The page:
13 Multi-stage Logic Networks Logical effort extends to multi-stage networks: 10 x y z 20 g 1 1 h 1 x/10 g 2 5/3 h 2 y/x g 3 4/3 h 3 z/y g 4 1 h 4 20/z o Path Logical Effort: o Path Electrical Effort: o Path Effort: G H F g i C out (path) C in (path) f i g i h i Don t define H h i because we don t know h i until the design is done Can we write F GH? Logical Effort David Harris Page 13 of 56

14 Branching Effort No! Consider circuits that branch: G H GH h 1 h 2 F GH? Logical Effort David Harris Page 14 of 56

15 Delay in Multi-stage Networks We can now compute the delay of a multi-stage network: o Path Effort Delay: D F f i o Path Parasitic Delay: P F p i o Path Delay: D F d i D F + P We can prove that delay is minimized when each stage bears the same effort: Therefore, the minimum delay of an N-stage path is: ˆ f g i h i NF 1 N + P F 1 N o This is a key result of logical effort. Lowest possible path delay can be found without even calculating the sizes of each gate in the path. Logical Effort David Harris Page 15 of 56

16 Determining Gate Sizes Gate sizes can be found by starting at the end of the path and working backward. o At each gate, apply the capacitance transformation: C outi g i C ini ˆ f o Check your work by verifying that the input capacitance specification is satisfied at the beginning of the path. Logical Effort David Harris Page 16 of 56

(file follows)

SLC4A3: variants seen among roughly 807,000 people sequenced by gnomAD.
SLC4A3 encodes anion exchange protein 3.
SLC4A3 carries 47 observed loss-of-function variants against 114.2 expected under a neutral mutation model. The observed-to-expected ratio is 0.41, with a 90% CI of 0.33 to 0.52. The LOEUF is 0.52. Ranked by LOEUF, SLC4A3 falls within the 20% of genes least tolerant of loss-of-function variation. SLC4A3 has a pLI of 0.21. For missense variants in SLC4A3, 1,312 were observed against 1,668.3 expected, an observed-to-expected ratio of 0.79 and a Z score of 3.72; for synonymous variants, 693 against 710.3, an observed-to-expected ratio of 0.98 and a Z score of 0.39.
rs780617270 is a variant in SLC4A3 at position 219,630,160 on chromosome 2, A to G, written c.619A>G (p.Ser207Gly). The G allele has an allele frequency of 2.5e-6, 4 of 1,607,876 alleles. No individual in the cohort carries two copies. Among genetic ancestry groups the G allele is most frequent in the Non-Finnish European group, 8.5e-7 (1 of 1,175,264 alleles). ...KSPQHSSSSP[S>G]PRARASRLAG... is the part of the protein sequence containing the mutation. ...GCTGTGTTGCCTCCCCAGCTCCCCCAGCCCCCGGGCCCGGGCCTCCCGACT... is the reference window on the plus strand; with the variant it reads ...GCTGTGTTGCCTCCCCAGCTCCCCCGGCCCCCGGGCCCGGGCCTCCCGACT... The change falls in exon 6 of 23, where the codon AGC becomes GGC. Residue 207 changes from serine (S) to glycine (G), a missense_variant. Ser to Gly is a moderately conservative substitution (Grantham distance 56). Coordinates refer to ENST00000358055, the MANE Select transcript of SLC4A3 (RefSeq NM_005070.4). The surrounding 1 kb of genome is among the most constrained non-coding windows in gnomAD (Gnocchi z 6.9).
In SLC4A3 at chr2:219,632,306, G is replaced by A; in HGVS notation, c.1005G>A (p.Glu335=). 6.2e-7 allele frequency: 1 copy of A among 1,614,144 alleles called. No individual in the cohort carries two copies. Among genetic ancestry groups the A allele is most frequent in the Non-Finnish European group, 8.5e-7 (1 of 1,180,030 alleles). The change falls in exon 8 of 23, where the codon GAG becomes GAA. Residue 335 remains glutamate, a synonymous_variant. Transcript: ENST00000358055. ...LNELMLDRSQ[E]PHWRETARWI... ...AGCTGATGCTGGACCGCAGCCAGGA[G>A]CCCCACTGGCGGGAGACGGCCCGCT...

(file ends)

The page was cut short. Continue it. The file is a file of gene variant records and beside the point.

17 Example Select gate sizes y and z to minimize delay from A to B Logical Effort: Electrical Effort: G H A C y y z z z 9C 9C B 9C Branching Effort: B Path Effort: F Best Stage Effort: Delay: ˆ f D Work backward for sizes: z y Logical Effort David Harris Page 17 of 56

18 Outline o Introduction o Delay in a Logic Gate o Multi-stage Logic Networks o Choosing the Best Number of Stages o Example o Asymmetric & Skewed Logic Gates o Circuit Families o Summary Logical Effort David Harris Page 18 of 56

19 Choosing the Best Number of Stages How many stages should a path use? o Delay is not always minimized by using as few stages as possible o Example: How to drive 64 bit datapath with unit-sized inverter Initial driver Datapath load N: f: D: Fastest D NF 1 N + P N64 ( ) 1 N + N assuming polarity doesn t matter Logical Effort David Harris Page 19 of 56